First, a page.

1. We Give Thanks to God Because We Know He Has Chosen You

For we know, brothers loved by God, that he has chosen you, because our gospel came to you not only in word, but also in power and in the Holy Spirit and with full conviction. You know what kind of men we proved to be among you for your sake.

Paul declares something that may be on the surface a little bold to declare. He tells the Christians in Thessalonica that they are loved by God and chosen by God. He tells then that they are the real thing because they are elect. So sure of their calling by God that he tells them that he thanks God even for their election. How did Paul know this? He knew they were chosen and loved by God because of what they were given. Here these verses show us what God had given these believers.

We also should keep in mind that Paul and the others were continually thanking God for these Christians and a big part of their thanksgiving was for their election. The fact that Paul thanks God and not the Christians for their election shows that they contributed nothing to accomplish their own salvation but that they were the objects of an unconditional divine act.

They were loved by God and chosen by God for His glory. Paul gives them assurance of their salvation by going to the very beginning of their salvation, their election. They were chosen by God even before time began.

Look with me to Ephesians 1:4-5. I want you to see when election occurred and what it is always connected to…

Ephesians 1:4–5 (ESV)

even as he chose us in him before the foundation of the world, that we should be holy and blameless before him. In love he predestined us for adoption to himself as sons through Jesus Christ, according to the purpose of his will,

The time is before time or literally before creation. Election is always connected to God’s love. It is God’s love that is the basis of His divine choice.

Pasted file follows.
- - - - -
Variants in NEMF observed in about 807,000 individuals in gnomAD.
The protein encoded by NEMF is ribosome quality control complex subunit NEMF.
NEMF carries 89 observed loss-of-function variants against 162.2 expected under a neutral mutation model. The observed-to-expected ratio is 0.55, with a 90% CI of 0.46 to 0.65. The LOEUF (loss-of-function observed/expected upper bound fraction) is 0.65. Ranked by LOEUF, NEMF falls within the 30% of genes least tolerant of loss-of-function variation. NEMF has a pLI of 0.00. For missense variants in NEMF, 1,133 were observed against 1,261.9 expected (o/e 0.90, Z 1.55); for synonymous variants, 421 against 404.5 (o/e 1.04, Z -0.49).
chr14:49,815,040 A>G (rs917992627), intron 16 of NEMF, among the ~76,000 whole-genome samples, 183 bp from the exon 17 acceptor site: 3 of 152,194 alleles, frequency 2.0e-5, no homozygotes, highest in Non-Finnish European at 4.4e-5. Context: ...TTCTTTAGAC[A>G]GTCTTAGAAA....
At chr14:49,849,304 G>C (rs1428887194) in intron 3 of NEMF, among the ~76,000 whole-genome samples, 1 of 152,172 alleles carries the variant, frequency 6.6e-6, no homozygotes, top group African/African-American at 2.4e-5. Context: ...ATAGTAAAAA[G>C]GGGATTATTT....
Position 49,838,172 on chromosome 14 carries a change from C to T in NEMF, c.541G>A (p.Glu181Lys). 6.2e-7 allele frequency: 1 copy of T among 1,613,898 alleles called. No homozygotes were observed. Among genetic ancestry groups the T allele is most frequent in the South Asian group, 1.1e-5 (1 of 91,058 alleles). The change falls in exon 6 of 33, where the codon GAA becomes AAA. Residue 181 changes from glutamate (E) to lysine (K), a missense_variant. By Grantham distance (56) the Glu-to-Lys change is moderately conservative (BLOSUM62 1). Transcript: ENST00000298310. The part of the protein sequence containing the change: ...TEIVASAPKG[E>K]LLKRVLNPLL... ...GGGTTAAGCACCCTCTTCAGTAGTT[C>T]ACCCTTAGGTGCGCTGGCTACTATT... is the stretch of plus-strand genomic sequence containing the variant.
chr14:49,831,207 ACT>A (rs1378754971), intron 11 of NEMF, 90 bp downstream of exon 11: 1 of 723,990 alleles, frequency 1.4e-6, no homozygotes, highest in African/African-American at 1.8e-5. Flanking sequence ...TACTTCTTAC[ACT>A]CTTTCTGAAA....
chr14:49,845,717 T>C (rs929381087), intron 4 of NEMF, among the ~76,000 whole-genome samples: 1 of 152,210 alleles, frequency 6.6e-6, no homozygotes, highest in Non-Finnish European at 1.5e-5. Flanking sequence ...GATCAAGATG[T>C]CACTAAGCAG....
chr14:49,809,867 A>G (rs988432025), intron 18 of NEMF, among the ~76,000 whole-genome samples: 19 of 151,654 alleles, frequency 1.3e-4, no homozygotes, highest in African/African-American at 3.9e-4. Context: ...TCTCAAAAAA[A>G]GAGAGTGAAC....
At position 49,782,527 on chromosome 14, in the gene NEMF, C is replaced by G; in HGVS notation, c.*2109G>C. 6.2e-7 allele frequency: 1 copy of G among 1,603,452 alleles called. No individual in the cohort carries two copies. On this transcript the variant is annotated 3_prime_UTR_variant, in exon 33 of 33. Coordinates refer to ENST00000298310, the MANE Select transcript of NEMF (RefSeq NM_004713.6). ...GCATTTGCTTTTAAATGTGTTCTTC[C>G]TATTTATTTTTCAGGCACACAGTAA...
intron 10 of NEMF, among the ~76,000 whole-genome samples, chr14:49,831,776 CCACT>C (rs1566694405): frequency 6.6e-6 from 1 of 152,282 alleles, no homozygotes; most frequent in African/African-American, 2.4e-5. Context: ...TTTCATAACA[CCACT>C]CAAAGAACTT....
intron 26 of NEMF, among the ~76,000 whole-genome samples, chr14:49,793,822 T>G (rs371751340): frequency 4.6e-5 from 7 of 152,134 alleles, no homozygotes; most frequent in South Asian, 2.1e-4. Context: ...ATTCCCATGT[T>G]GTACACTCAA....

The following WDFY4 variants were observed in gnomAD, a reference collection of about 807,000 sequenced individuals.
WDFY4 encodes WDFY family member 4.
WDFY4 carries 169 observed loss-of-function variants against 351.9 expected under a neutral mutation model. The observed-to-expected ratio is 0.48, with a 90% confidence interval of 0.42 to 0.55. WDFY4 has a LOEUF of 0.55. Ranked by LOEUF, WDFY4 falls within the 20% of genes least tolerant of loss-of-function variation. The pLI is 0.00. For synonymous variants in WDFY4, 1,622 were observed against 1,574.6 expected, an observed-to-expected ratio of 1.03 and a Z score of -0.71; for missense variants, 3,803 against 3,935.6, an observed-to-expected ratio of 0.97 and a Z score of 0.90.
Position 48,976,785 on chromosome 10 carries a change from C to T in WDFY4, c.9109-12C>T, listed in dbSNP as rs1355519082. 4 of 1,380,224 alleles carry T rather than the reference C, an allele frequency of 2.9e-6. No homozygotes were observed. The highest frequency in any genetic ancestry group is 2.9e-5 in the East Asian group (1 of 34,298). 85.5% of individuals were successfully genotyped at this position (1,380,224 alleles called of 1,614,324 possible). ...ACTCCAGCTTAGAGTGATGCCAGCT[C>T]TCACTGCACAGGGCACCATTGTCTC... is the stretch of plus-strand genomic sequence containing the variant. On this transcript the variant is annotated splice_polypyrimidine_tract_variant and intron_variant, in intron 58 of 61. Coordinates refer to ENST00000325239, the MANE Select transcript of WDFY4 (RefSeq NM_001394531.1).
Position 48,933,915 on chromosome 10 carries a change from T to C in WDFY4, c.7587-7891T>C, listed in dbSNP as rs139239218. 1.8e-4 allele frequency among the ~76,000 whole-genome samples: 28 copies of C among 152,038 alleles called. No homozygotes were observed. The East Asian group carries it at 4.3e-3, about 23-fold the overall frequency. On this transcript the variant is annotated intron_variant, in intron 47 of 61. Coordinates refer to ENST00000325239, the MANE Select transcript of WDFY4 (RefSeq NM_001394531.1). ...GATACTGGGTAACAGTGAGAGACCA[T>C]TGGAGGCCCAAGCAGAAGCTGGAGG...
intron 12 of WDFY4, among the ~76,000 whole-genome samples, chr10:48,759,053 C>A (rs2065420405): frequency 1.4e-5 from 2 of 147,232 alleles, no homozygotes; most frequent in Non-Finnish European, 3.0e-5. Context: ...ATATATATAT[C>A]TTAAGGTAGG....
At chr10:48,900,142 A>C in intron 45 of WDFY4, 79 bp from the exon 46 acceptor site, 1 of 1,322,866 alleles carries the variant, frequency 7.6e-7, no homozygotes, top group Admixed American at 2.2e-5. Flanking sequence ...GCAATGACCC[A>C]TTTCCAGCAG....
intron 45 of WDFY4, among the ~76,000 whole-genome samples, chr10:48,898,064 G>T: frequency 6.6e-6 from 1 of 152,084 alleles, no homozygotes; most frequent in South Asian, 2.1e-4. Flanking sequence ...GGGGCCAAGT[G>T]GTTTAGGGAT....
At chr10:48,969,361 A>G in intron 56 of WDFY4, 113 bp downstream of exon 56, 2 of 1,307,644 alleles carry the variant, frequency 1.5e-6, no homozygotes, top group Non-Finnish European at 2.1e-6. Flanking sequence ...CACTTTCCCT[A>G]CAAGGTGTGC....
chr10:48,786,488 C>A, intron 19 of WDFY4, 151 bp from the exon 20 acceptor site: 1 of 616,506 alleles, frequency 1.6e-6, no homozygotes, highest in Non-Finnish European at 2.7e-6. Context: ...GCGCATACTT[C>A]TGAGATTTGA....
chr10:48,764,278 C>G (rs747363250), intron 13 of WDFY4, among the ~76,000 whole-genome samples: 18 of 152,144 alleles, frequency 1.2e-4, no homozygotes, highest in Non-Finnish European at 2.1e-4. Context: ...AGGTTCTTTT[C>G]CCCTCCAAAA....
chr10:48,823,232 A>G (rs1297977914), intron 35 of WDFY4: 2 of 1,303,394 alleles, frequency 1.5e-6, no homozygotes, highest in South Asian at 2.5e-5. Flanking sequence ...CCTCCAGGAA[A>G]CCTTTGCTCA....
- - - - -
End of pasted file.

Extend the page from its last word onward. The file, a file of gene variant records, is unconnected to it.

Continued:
By taking this method of giving them assurance Paul’s logic goes something like this…I know your faith is genuine because I saw all the works you accomplished that could have only come about through genuine faith. Now he explains to the believers, I know your salvation is real because you are showing evidence that God has chosen you. You were chosen/elect before the foundation of the world and you were predestined for adoption by God through Jesus Christ according to the purpose of His will and the only thing you were lacking was the Gospel. Once they heard the Gospel their faith was ignited by God and they were converted. The Gospel was the last piece of the puzzle to be set in place. So, when Paul had that vision in the night that was the Holy Spirit saying…I have a people set in place, chosen before the foundation of the world, ready to hear and ready to respond to the good news of Jesus Christ. I’ve already chosen them. They are predestined to be adopted. It is My will to save them. Paul, go and share with them who Jesus is and what He has done and then stand back and watch what I do.

Read More

Sermon: The Gospel Comes to Thessalonica and The Church is Formed 1 Thessalonians 1.1.3

The Gospel Comes to Thessalonica and The Church is Formed

1 Thessalonians 1:1-3

Truth Taught- Paul encourages the new Christians by showing them that their faith is genuine because the good works they are engaged in can only be accomplished by faith.

 

Introduction

To begin our study in 1 Thessalonians it is important that we get the framework and setting of this great letter written by the Apostle Paul.

It was in AD 49 on Paul’s 2nd missionary journey that he and his missionary team took the Gospel to the ancient city of Thessalonica.

Thessalonica was named after one of Alexander the Great’s general’s wife. It is placed on the key route between Rome and the East. In Paul’s time it was the capitol of Macedonia. So important was the City of Thessalonica that one scholar writes that it narrowly escaped being made the capitol of the world.

The team was made up of Paul, Silas, Timothy and Luke. These four missionaries sailed together across the North Aegean Sea into what is now Europe. What adventures they had. Anyone who thinks Christianity is boring does not know and has never experienced true Christianity. Lets travel together with Paul and the others and experience what the Gospel is and what it does when shared with pagan idolaters in this great ancient city.

We remember that it was in Acts 16 where Luke finally caught up with Paul and the others. As we read that section we remember the shift in the narrative from Luke’s third person plural they to first person plural we. It was in Luke’s narrative in Acts 16 that we have what is named, the Macedonian Call.

Acts 16:6–10 (ESV)

And they went through the region of Phrygia and Galatia, having been forbidden by the Holy Spirit to speak the word in Asia. And when they had come up to Mysia, they attempted to go into Bithynia, but the Spirit of Jesus did not allow them. So, passing by Mysia, they went down to Troas. And a vision appeared to Paul in the night: a man of Macedonia was standing there, urging him and saying, “Come over to Macedonia and help us.” 10 And when Paul had seen the vision, immediately we sought to go on into Macedonia, concluding that God had called us to preach the gospel to them.